A new species of duck-billed dinosaur was discovered in a remote part of northern Alaska. Called Ugrunaaluk kuukpikensis, it’s the northernmost dinosaur discovered thus far, and researchers think it was a cold-adapted plant-eater that thrived in the wintry darkness of the polar region. It may have even seen snow.
"The finding of dinosaurs this far north challenges everything we thought about a dinosaur's physiology," Florida State University’s Greg Erickson said in a statement. "It creates this natural question. How did they survive up here?"
More than 9,000 bones from various animals were unearthed along the Colville River in the Prince Creek Formation, 6,000 of which were from hadrosaurs (duck-billed dinosaurs). Most of the fossils were collected from a single rock layer called the Liscomb Bonebed, which was deposited on a coastal flood plain about 69.2 million years ago. During the Late Cretaceous, the site was located well above the paleo-Arctic Circle, and that means the dinosaurs were living as far north as land was known to have existed. Arctic Alaska at the time was covered with trees, and the average temperature was about 5-6 degrees Celsius (42-43 degrees Fahrenheit), which is milder than nowadays. But because they were so far north, the dinosaurs likely spent the winter months – when it dropped down to 2 degrees Celsius (36 degrees Fahrenheit) – living in darkness.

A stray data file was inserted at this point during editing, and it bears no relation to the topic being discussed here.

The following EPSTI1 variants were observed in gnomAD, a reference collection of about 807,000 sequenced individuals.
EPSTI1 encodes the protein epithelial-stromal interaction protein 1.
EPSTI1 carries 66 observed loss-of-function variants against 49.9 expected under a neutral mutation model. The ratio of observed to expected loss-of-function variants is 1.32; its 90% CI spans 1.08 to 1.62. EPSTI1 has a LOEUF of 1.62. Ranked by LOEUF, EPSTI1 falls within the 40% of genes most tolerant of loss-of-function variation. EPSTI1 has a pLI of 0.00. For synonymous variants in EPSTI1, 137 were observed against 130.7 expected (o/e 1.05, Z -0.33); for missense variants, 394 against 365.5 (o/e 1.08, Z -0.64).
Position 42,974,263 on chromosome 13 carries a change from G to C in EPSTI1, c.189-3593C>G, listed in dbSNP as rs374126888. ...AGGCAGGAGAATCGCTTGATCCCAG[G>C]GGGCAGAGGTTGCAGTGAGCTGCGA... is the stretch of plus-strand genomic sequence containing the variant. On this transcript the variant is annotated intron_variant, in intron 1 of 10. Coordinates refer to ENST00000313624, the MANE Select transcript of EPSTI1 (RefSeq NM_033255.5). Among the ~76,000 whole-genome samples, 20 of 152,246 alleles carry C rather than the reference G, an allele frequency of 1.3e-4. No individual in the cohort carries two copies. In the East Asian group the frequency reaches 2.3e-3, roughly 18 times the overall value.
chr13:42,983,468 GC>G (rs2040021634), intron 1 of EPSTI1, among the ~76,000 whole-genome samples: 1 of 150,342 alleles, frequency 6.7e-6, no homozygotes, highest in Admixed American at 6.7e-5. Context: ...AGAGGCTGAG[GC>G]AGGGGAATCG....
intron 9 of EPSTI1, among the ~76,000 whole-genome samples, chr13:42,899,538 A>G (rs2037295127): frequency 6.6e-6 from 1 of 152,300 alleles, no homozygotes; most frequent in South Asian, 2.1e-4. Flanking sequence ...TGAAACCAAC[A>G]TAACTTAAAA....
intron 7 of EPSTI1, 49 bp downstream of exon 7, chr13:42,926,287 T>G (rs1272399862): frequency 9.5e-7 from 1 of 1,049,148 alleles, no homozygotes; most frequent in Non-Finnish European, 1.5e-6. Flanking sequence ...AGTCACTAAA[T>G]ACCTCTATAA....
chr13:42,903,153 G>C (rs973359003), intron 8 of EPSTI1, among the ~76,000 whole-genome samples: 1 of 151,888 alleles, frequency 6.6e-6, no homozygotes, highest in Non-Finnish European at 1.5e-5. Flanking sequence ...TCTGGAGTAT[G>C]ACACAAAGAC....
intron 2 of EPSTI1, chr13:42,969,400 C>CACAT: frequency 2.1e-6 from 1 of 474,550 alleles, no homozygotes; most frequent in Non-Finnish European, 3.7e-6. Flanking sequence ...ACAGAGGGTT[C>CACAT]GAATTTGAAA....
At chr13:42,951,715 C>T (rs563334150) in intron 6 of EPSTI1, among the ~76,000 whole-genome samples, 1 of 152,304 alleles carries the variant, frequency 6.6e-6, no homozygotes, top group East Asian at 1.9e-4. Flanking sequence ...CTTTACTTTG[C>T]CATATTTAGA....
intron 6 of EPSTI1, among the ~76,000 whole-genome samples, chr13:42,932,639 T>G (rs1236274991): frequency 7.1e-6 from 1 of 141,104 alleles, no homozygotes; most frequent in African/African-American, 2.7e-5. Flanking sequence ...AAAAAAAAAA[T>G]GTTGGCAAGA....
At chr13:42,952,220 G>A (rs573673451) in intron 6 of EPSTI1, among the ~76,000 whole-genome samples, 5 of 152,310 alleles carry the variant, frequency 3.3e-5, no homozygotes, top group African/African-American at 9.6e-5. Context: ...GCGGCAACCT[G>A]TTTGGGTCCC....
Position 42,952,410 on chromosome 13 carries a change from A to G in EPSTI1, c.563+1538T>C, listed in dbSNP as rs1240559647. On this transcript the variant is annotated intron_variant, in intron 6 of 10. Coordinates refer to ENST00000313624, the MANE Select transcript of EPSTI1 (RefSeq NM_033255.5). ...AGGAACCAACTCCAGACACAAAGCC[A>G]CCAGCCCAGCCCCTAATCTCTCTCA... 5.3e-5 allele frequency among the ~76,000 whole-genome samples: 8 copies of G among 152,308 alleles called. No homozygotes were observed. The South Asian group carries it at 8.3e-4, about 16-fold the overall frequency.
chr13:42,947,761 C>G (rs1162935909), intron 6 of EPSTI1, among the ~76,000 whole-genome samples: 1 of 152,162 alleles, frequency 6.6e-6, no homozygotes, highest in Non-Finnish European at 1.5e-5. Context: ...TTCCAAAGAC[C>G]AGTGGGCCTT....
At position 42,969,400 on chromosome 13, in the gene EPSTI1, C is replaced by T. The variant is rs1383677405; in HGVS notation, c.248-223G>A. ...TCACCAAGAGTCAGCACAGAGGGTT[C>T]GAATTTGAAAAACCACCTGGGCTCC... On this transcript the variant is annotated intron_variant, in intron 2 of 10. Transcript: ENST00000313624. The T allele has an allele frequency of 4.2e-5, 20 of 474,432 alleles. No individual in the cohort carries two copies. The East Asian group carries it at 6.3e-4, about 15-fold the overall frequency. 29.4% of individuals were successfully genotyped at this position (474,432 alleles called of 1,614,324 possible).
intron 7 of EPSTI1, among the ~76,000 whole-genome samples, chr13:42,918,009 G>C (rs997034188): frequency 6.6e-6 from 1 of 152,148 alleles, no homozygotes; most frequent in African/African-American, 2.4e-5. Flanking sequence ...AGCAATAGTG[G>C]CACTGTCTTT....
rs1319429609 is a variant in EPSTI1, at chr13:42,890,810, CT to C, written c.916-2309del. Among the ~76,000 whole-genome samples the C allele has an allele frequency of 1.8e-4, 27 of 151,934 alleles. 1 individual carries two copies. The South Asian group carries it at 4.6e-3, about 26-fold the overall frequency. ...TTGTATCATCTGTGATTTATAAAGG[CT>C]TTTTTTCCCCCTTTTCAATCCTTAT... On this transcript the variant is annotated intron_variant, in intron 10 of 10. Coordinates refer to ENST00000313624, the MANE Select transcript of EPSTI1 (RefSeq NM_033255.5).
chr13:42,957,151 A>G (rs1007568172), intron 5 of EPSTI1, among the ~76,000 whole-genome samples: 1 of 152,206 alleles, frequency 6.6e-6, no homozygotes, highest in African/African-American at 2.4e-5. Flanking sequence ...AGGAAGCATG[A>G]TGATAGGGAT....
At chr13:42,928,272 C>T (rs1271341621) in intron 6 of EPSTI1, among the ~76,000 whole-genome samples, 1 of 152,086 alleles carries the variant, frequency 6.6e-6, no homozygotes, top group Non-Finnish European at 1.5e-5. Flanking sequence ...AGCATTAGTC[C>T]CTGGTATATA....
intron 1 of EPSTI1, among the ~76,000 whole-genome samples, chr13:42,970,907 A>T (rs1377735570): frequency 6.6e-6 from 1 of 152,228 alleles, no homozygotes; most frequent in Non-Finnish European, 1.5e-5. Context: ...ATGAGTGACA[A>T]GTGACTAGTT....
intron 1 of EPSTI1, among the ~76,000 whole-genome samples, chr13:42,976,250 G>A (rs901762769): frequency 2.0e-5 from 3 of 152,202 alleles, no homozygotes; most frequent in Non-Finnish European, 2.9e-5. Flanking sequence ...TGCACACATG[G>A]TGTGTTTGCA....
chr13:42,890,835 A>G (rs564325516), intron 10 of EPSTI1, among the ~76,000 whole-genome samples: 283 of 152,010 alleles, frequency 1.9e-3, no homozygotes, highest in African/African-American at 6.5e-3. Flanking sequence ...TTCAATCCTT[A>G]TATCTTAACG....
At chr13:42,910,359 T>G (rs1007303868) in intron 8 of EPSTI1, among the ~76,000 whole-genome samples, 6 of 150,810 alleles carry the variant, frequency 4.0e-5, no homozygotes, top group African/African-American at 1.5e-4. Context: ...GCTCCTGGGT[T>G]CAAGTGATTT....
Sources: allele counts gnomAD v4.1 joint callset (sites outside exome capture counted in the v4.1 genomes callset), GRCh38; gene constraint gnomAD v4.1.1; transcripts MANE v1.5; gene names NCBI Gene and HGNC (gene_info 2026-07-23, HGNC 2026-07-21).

Ugrunaaluk had scales, plates on its back, a broad bill for grazing low-lying plants, teeth for grinding, and it may have walked on two feet. Researchers initially thought the skeletal remains belonged to Edmontosaurus, another duck-billed dinosaur that lived roughly 70 million years ago in Montana, South Dakota, and Alberta, Canada. However, by analyzing the bone structure, Hirotsugu Mori from the University of Alaska Fairbanks (UAF) and colleagues revealed that certain features of the skull – especially around the mouth – weren’t present in any known duck-billed species.
After working with Alaskan Iñupiaq language speakers, the team arrived at the name Ugrunaaluk kuukpikensis, which means “ancient grazer” of the Colville River. The work was published in Acta Palaeontologica Polonica this week.
One of the things that made identifying this new species difficult at first – besides the frigid, remote location that required bush planes, inflatable boats, and rappelling down a cliff face – is how most of the fossils came from younger or juvenile dinosaurs. Likely a herd of juveniles was killed suddenly. "A challenge of this study was figuring out if the differences with other hadrosaurs was just because they were young, or if they were really a different species," said UAF’s Patrick Druckenmiller. "Fortunately, we also had bones from older animals that helped us realize Ugrunaaluk was a totally new animal." The adults were about 9 meters (30 feet) long.
The researchers estimate that the fossil-rich area contains at least 13 different dinosaur species. "Alaska is basically the last frontier," Erickson adds. "It's virtually unexplored in terms of vertebrate paleontology. So, we think we're going to find a lot of new species."